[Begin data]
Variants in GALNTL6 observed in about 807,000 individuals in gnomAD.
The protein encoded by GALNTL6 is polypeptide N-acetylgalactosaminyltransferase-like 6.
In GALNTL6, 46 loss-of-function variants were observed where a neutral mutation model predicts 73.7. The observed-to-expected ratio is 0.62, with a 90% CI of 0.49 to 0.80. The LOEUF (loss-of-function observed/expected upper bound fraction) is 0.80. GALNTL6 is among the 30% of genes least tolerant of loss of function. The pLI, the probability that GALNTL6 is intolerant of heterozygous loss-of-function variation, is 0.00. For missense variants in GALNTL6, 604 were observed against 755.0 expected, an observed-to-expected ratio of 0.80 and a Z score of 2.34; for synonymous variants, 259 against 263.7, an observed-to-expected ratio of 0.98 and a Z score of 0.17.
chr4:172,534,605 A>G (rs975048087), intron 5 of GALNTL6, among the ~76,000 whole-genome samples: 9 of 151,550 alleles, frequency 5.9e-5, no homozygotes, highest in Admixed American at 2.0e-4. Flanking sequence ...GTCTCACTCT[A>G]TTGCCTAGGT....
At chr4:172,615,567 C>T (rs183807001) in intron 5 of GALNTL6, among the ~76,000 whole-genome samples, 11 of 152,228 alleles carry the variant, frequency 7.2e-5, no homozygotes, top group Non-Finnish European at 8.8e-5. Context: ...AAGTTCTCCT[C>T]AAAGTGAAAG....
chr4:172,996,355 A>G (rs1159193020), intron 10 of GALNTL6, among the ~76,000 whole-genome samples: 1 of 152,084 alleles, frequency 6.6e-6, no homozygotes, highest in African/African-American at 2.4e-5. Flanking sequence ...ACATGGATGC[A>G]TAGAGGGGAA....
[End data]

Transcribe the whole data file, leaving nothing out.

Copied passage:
Variants in GALNTL6 observed in about 807,000 individuals in gnomAD.
The protein encoded by GALNTL6 is polypeptide N-acetylgalactosaminyltransferase-like 6.
In GALNTL6, 46 loss-of-function variants were observed where a neutral mutation model predicts 73.7. The observed-to-expected ratio is 0.62, with a 90% CI of 0.49 to 0.80. The LOEUF (loss-of-function observed/expected upper bound fraction) is 0.80. GALNTL6 is among the 30% of genes least tolerant of loss of function. The pLI, the probability that GALNTL6 is intolerant of heterozygous loss-of-function variation, is 0.00. For missense variants in GALNTL6, 604 were observed against 755.0 expected, an observed-to-expected ratio of 0.80 and a Z score of 2.34; for synonymous variants, 259 against 263.7, an observed-to-expected ratio of 0.98 and a Z score of 0.17.
chr4:172,534,605 A>G (rs975048087), intron 5 of GALNTL6, among the ~76,000 whole-genome samples: 9 of 151,550 alleles, frequency 5.9e-5, no homozygotes, highest in Admixed American at 2.0e-4. Flanking sequence ...GTCTCACTCT[A>G]TTGCCTAGGT....
At chr4:172,615,567 C>T (rs183807001) in intron 5 of GALNTL6, among the ~76,000 whole-genome samples, 11 of 152,228 alleles carry the variant, frequency 7.2e-5, no homozygotes, top group Non-Finnish European at 8.8e-5. Context: ...AAGTTCTCCT[C>T]AAAGTGAAAG....
chr4:172,996,355 A>G (rs1159193020), intron 10 of GALNTL6, among the ~76,000 whole-genome samples: 1 of 152,084 alleles, frequency 6.6e-6, no homozygotes, highest in African/African-American at 2.4e-5. Flanking sequence ...ACATGGATGC[A>G]TAGAGGGGAA....